30 August 2013 @ Centre for Aboriginal Studies, Bentley
Presented by the Centre for Culture & Technology (CCAT) @ Curtin University
Setting Up the Nyoongar Tent Embassy: A Report on Perth News Media was launched on Friday 30 August 2013 before a group of distinguished guests including members of the Nyoongar Tent Embassy, Curtin academic staff, and other members of broader community. Held in the attractive foyer of the Centre for Aboriginal studies (CAS) on Curtin’s Bentley Campus and emceed by CAS’s Lynette Mallard, the launch began with an introduction from Ben Taylor, a respected Nyoongar Elder whose commitment to social justice is well known and celebrated. Accompanied by Mingli Wanjurni and Alf Taylor, Ben welcomed participants to country, and Alf followed with a recital of one of his poems, ‘The Land’.
The report was formally launched by John Curtin Distinguished Professor John Hartley, who talked of the significance of the book in view of the struggle for native title and the sovereignty movement, before reflecting on what Aboriginal ‘affairs’ — and what media reporting on Aboriginal ‘affairs’ — would look like were Aboriginal sovereignty recognised. Authors Thor Kerr and Shaphan Cox thanked the Nyoongar Tent Embassy for their support, before formally submitting a copy of the report to Nyoongar Tent Embassy representatives. After thanking Thor and Shaphan and speaking of the ongoing struggle for recognition of Aboriginal sovereignty, Maureen and Preston played a recording of Duck Corbett’s ‘Whom Am I’. Dedicated to the late Louis Johnson, the song tells the story of Louis’s tragic death in 1992 as a result of an act of racial violence and subsequent neglect at the hands of the Western Australian medical response services.
Setting Up the Nyoongar Tent Embassy is published by Ctrl-Z Press and available for free download.
13 April 2013 @ Thousand Pound Bend, Melbourne
At a time of increasing social and technological complexity, what are we becoming? What is becoming of our cities, of nationhood, of publics … if we are all now globally networked ‘friends’? If we are all ‘new’ citizens today, in the era of social media, social networks and user-generated content, what forms might ‘new citizenship’ take in the future? If we are all user-producers, what is becoming of art? If we are always ‘on’ (online, plugged in, available), what is to become of solitude, of privacy? And why are media now ‘social’? Hasn’t sociality defined the history of media, or is it only now just arriving?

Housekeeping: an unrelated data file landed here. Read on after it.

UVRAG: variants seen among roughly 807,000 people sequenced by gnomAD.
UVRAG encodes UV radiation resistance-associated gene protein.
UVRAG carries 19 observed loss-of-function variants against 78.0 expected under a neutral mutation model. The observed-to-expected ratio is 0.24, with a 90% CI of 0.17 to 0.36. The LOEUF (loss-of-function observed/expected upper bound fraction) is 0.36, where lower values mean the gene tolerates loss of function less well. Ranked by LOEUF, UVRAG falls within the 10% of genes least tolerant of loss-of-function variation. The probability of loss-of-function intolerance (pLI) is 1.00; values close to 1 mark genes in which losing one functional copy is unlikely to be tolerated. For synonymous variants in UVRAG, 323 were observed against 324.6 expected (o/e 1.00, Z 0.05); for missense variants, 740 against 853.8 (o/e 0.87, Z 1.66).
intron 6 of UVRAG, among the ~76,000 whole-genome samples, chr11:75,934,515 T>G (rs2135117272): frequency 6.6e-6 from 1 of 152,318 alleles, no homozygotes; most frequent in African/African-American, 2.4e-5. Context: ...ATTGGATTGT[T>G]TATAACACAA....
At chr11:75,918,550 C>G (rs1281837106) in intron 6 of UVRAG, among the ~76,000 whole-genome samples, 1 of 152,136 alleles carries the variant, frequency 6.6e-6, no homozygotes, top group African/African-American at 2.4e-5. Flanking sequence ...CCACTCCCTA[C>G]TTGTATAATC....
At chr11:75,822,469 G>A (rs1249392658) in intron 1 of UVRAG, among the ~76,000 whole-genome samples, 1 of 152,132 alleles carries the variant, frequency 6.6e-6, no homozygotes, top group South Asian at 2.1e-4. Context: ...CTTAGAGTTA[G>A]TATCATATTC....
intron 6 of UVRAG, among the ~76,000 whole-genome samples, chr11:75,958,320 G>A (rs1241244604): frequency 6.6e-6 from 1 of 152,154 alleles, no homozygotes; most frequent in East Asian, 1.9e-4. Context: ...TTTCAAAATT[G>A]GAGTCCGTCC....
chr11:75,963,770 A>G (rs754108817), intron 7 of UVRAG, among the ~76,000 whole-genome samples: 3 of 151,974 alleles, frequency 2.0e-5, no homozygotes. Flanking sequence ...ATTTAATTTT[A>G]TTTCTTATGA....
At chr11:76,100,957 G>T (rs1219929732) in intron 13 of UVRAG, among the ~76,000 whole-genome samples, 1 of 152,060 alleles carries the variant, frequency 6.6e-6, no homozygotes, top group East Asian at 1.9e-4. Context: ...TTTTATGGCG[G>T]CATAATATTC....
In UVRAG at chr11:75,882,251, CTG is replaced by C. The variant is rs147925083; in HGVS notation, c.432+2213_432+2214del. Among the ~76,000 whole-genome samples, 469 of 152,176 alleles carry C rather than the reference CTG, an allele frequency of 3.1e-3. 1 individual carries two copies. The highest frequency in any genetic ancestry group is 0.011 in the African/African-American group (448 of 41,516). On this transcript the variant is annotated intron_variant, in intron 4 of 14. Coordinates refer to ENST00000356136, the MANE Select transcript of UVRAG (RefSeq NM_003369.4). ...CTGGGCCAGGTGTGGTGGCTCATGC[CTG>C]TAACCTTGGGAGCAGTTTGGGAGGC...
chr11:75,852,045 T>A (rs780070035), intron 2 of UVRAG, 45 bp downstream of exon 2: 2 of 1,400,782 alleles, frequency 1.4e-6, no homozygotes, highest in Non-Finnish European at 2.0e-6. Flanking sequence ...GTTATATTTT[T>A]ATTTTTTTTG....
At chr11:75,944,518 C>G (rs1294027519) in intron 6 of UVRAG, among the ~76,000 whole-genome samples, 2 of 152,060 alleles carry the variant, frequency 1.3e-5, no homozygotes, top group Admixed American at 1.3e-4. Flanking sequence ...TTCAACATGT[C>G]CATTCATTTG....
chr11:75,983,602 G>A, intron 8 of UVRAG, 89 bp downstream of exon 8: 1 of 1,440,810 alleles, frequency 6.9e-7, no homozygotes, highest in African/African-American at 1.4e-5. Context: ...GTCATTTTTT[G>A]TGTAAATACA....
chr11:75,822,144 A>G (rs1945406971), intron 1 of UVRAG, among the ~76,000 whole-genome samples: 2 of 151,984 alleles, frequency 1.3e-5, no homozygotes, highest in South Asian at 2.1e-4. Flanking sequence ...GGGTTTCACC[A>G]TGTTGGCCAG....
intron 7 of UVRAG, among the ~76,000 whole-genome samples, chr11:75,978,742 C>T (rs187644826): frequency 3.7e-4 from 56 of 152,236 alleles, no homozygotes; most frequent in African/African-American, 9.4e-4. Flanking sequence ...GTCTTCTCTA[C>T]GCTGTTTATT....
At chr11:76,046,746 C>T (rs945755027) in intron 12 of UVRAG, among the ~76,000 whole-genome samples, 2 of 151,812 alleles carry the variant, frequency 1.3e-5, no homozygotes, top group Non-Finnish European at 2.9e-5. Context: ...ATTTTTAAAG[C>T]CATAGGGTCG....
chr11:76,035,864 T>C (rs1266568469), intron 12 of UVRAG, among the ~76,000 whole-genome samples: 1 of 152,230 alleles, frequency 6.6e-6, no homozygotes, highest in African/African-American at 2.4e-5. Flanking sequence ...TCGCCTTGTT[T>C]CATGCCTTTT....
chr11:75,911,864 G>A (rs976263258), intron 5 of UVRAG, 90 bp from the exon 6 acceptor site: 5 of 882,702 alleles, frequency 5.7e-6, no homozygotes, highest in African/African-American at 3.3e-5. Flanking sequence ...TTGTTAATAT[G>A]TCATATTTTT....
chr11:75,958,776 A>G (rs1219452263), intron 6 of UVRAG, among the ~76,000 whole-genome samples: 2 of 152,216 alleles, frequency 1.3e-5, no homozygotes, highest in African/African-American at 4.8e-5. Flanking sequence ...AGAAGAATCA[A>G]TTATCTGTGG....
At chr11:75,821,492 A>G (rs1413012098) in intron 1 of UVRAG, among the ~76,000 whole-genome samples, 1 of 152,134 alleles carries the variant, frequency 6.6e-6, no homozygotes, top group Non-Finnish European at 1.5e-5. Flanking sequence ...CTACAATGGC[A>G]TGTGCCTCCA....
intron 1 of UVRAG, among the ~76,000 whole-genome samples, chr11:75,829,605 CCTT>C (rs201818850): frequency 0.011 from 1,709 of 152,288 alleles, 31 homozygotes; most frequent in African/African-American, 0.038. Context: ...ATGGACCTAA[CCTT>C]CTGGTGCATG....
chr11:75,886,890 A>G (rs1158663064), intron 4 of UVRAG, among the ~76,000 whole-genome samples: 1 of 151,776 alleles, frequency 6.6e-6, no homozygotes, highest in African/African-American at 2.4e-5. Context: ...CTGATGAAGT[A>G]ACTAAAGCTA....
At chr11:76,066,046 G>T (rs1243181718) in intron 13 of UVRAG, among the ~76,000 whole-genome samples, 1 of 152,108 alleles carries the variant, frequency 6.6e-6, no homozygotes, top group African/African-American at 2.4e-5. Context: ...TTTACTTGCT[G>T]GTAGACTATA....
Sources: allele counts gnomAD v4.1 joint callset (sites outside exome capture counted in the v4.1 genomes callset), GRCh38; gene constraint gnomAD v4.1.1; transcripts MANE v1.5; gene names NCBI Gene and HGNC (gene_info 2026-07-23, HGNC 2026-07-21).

Such provocations inform the theme of renewal to be discussed by a range of invited artists, writers, academics and public figures in conversation with a general audience.
SPEAKERS include Marcus Westbury, Karen Pickering, Jason Potts, Eugenia Lim & Darren Tofts
19 November 2011 @ Fremantle Arts Centre
In the age of personal computers, the Internet, mobile phones, Facebook, Twitter, Word, Photoshop, SMS, email, desktop- and e-publishing, blogging and fan fiction, autocorrect and track changes, who — or what — is a writer? Featuring panel discussions, video screenings, exhibitions, interactive installations, live music and more, Ctrl-Z cuts across academic, professional and public divides to reflect on what it means — now — to write and to be a writer.